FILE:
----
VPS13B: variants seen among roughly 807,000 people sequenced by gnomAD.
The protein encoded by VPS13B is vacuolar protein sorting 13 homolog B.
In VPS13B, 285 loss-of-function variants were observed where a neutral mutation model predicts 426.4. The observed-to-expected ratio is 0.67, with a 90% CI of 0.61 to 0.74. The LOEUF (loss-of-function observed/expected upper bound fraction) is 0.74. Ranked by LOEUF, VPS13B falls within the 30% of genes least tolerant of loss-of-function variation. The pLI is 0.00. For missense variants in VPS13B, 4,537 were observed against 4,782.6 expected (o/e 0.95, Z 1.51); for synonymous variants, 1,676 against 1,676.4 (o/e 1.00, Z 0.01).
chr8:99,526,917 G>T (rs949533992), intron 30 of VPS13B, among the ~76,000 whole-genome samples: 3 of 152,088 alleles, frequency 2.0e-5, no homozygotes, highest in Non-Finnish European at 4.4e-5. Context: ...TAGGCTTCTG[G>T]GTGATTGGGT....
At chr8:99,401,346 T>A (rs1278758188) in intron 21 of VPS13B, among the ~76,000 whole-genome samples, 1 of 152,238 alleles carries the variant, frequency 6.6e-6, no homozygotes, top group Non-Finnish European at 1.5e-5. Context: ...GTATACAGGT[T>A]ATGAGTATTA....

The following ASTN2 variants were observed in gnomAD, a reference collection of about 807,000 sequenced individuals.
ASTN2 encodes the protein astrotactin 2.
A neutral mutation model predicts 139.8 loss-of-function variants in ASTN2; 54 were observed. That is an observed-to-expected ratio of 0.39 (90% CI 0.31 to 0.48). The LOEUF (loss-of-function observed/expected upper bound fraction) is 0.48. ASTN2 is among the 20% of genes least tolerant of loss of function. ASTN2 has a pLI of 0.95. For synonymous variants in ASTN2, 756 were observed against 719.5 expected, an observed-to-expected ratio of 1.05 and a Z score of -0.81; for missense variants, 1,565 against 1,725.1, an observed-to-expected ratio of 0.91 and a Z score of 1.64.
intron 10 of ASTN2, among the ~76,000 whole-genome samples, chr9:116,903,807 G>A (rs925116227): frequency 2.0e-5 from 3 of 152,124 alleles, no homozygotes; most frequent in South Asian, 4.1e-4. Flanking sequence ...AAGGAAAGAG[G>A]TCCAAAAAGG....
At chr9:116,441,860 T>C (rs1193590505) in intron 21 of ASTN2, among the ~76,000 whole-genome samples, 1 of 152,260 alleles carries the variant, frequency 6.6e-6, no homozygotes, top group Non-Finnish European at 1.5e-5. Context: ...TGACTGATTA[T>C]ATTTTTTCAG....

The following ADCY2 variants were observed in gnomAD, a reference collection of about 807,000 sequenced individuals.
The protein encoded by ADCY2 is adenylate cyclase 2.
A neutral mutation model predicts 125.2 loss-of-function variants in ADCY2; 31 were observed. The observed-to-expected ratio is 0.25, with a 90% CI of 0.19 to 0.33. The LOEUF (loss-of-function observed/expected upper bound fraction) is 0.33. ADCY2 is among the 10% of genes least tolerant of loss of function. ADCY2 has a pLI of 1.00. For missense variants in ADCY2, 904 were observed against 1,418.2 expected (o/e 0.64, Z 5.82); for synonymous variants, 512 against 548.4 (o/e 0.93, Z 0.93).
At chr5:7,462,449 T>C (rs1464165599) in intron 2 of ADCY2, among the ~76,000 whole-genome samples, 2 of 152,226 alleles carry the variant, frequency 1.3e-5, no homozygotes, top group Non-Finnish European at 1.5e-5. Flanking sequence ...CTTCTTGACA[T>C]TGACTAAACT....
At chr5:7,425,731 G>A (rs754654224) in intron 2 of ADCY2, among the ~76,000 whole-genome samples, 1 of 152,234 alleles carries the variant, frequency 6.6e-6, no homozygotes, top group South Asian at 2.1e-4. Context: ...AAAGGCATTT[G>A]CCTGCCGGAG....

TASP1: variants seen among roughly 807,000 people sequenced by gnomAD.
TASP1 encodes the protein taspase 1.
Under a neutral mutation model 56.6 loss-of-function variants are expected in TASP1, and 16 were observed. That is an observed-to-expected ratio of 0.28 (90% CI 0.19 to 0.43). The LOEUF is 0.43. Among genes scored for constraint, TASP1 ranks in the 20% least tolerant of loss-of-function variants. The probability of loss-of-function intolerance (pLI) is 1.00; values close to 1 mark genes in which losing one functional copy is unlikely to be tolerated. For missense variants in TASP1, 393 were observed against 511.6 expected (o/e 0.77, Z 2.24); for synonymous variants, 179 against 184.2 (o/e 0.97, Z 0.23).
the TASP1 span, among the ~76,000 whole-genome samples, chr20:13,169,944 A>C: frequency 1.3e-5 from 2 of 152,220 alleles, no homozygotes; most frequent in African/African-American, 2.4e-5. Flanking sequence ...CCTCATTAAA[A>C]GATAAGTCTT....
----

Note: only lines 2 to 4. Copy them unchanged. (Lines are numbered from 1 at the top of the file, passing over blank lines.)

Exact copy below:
The protein encoded by VPS13B is vacuolar protein sorting 13 homolog B.
In VPS13B, 285 loss-of-function variants were observed where a neutral mutation model predicts 426.4. The observed-to-expected ratio is 0.67, with a 90% CI of 0.61 to 0.74. The LOEUF (loss-of-function observed/expected upper bound fraction) is 0.74. Ranked by LOEUF, VPS13B falls within the 30% of genes least tolerant of loss-of-function variation. The pLI is 0.00. For missense variants in VPS13B, 4,537 were observed against 4,782.6 expected (o/e 0.95, Z 1.51); for synonymous variants, 1,676 against 1,676.4 (o/e 1.00, Z 0.01).
chr8:99,526,917 G>T (rs949533992), intron 30 of VPS13B, among the ~76,000 whole-genome samples: 3 of 152,088 alleles, frequency 2.0e-5, no homozygotes, highest in Non-Finnish European at 4.4e-5. Context: ...TAGGCTTCTG[G>T]GTGATTGGGT....